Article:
:::: NEWSLETTER::::: 


(Regular meetings third Monday at 7:30 PM) 


Volume III, Number - 4 - May 1972


MAY PILGRIMAGE this year will be to Sandwich once again. The visit will include another fine meal at Anthony's-on-the-Canal followed by stops at the Glass Museum and the Doll Museum (within walking distance of one another). Both attractions are very near the beauty of the old mill and stream. The bus will leave the Lucius Clapp Memorial Building at 10:15 on Saturday, May 20. . . rain or shine. Details will be available at our regular May 17 meeting BUT please make your reservations NOW with Esther Hill 344-4952; Phyllis Batchelder, 344-5121 or Joan Sullivan, 344-4011. As last year, the bus and admissions to the two museums will be paid by the society and members will be expected to pay for their own "vittles and drink".

OUR RUMMAGE SALE in April was a fine success, thanks to Mrs. Amy Terrell and her hard-working committee (some members of which were volunteers from outside our membership!) and brought in $160 to our Building Fund. The success of April's sale has prompted the same committee to operate another rummage sale on May 11 from ten to four during the day and from seven to nine in the evening.

EASTON SOCIETY EVENTS...May 21, Antique Auto Meet; June 10, Flea Market. Our organization in planning on having space at the Easton Flea Market. Please cooperate in any way possible. We will need items (preferably no soft goods, excepting fine work), some transportation, and volunteers for the entire day for two or three hours each.

HEADLINE: We now have a five-year lease on the Lucius Clapp Memorial Building. The signing between the Board of Selectmen and our President took place on April 4. Under the terms of the lease item number one states "To be used for historical purposes, museums and all things incident to the cultural interest of the Town of Stoughton." To this end let us all pitch in wherever possible and show the citizens of our Town from wence the heritage of Stoughton has come... and, above all, let us create a pleasant atmosphere in which to present a fine display before the year is out.

BELATEDLY, WE REPORT the April birthdays: Carl Anderson, Washington Irving, Elihu Yale, Rose Forte, Helen Pye, Thomas Jefferson, Wilbur Wright, Gertrude Morrill, Mildred Holmes, James Buchanan, Ulysses S. Grant and James Monroe. ON TIME, however, we remember Harry S. Truman, Jeanttte Hill, Marian Balamoutis, Elsie Otto, William Seward, Frank Reynolds, John F. Kennedy, Mildred Harwood and Charles Hill.

WELCOME to new members Mrs. Appleton (Dorothy) Woodward, Mr. Francis Terrell, Mrs. Mildred Kennedy and Mrs. Edith Benjamin. Guests in April included Mrs. Rose Plouff of New Bedford and Mrs. Marjorie Sawyer.

OUR PROGRAM on May 17 will be a history of the Universalist Church by Phyllis Batchelder followed by the story of "Lucy's Rag Doll" by Esther Hill. Both Subjects are fascinating and entertaining.

REGRETTABLY we note the sudden passing of Mrs. Esther Snowdale in April and convey our condolences to her family.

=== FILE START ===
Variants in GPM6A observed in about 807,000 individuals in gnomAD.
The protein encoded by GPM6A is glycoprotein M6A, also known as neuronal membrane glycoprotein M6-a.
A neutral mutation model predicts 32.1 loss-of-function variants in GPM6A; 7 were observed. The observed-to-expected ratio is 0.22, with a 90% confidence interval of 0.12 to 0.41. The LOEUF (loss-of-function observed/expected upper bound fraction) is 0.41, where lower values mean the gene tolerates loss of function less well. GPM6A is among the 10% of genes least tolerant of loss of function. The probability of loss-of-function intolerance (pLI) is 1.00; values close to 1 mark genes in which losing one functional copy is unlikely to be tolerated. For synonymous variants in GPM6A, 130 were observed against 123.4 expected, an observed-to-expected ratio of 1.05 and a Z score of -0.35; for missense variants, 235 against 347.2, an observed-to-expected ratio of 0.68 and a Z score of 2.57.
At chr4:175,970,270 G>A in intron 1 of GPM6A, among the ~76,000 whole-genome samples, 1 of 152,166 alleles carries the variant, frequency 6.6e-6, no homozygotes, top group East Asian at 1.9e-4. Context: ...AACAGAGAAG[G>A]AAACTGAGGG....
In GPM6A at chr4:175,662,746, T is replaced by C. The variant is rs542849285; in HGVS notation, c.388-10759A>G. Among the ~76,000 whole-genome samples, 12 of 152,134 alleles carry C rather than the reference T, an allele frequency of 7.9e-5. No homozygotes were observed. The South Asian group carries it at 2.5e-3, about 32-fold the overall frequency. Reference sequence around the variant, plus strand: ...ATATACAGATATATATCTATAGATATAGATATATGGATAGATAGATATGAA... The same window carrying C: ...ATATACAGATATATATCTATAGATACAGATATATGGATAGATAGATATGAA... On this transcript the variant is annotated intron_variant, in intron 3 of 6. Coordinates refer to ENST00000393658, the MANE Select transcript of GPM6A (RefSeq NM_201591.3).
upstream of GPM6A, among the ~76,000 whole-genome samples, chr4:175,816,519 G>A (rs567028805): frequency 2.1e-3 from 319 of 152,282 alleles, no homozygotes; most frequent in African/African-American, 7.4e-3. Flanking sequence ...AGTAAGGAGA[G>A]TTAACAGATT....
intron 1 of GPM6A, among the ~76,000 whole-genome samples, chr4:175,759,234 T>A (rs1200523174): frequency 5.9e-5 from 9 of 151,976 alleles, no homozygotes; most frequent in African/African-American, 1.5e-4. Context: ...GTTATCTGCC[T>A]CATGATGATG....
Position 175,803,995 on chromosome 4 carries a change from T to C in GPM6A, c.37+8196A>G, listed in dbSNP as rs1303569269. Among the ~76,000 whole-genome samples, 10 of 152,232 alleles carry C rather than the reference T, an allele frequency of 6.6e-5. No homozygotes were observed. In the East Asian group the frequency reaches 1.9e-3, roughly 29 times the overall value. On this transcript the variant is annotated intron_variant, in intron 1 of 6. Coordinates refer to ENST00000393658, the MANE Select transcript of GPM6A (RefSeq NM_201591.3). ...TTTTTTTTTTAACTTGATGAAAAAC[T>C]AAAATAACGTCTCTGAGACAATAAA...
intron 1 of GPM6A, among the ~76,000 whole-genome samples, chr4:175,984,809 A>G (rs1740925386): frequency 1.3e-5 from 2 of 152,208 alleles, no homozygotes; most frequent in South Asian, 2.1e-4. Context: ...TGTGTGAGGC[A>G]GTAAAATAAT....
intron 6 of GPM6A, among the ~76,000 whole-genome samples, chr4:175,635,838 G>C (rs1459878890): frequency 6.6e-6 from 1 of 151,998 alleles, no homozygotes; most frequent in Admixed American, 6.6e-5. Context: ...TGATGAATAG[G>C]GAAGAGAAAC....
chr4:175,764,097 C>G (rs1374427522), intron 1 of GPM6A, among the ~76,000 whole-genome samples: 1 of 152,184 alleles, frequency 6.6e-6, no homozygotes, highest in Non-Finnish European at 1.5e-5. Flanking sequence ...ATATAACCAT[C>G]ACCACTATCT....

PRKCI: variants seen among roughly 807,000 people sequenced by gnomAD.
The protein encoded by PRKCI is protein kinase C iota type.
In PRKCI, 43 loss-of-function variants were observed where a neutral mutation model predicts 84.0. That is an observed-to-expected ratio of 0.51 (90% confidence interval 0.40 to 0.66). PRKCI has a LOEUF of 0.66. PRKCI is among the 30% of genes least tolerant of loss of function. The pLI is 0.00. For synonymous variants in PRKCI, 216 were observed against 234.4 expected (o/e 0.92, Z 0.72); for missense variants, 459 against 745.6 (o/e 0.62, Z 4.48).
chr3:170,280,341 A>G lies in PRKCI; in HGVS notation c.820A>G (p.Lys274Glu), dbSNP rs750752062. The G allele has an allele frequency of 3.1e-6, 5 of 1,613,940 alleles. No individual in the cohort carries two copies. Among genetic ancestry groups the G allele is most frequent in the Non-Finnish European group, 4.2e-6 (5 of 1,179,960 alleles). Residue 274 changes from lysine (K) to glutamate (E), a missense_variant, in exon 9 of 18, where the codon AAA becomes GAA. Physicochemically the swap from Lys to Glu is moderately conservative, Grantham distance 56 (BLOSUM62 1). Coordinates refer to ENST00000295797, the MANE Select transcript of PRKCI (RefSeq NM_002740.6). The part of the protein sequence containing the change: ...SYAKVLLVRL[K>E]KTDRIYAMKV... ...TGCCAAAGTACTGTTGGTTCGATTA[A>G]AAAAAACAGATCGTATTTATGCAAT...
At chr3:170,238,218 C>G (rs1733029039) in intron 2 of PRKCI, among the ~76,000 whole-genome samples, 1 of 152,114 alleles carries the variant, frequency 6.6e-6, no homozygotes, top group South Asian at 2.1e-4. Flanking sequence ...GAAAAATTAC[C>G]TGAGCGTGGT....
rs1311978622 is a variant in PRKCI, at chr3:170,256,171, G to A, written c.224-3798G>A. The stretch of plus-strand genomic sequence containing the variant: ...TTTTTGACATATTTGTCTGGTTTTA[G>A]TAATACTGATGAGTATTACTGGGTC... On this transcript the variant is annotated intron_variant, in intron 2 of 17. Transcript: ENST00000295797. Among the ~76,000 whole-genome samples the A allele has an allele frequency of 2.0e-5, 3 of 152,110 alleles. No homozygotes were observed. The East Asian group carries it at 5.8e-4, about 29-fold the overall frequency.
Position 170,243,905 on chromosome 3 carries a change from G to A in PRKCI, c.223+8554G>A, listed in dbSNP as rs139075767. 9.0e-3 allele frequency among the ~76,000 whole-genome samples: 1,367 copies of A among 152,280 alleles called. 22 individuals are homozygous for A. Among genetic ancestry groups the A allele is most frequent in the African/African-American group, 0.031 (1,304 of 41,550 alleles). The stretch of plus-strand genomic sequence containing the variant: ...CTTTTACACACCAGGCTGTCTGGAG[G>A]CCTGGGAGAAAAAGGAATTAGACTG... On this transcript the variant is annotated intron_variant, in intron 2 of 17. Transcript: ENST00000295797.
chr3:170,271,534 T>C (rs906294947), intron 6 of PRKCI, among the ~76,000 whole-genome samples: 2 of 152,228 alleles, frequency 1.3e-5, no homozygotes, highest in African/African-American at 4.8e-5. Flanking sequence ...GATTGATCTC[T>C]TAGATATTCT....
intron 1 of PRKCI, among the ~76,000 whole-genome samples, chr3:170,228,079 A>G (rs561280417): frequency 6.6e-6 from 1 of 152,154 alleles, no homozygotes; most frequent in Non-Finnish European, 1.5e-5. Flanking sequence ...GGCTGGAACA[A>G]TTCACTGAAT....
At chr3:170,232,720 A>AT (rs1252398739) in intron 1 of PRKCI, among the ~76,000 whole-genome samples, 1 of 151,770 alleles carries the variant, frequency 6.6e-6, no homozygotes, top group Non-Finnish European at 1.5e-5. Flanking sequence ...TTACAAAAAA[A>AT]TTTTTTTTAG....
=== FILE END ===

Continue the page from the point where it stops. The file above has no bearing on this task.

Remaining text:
HOSPITALITY HOSTESSES in April were Helen Pollycutt, Pearl Bishop, assisted by Ruth Burnham. As usual, the refreshments were delicious and plentiful and devoured with relish and much appreciation.

GIFTS: Artifacts from digging on the site of the first house in Stoughton were presented by Bob Benson, digger. Helen Miller gave a number of books and a painting; stereopticon views came from the staff of the public library. Hank Herbowy gave a large metal advertising thermometer and hymnals dating from 1844 came from the Universalist Church. The documents appointing Cornelius Murphy postmaster in West Stoughton in 1895 and Margaret Murphy to the same position in 1915 were donated by Mrs. Alice Murphy and have been framed by Frank Terrell, using wood from furniture constructed in 1829. A two-volume history of Norfolk County, 1622-1918, was given by Mrs. Charles Rhodes, Jr. in memory of her parents, Mr. and Mrs. Timothy Daly.

ALTHOUGH regular meetings are suspended during the months of June, July and August, work parties will continue on Wednesday evenings on a rather regular basis and the Board of Trustees will meet each month excepting July. Members are more than welcome at both Work Sessions and Trustee's meetings to help plan for next season. Three programs for the fall are tentatively set ... a fine beginning.

MODERN DAY Route 24 runs almost parallel with the old South Boston-Taunton Turnpike (on which is situated the Washington's Hotel, now called Swan's Tavern) and crosses over, in one section, that road which at one time carried travelers by stage from Boston to Points south. The original turnpike was built in 1906-07 by the "Taunton and South Boston Turnpike Corporation" whose corporators were the Messrs. John Gilmore, Joshua Gilmore, Samuel Bass and William Whiting.

PRESIDENT TAFT, weighing 332 pounds at his inauguration, got stuck in the White House bath tub and had to have a specially constructed extra large one installed. The new one comfortably held four average sized men. (All of whom must have been quite well-acquainted).

REMEMBER to get your reservation in early for the---Annual Pilgrimage on May 20. Our committee must have an accurate count.

"Few there are who love a covered bridge until it is gone", someone truthfully wrote. And this should remind us that there are structures and other bits of heritage which must be saved here in Stoughton.


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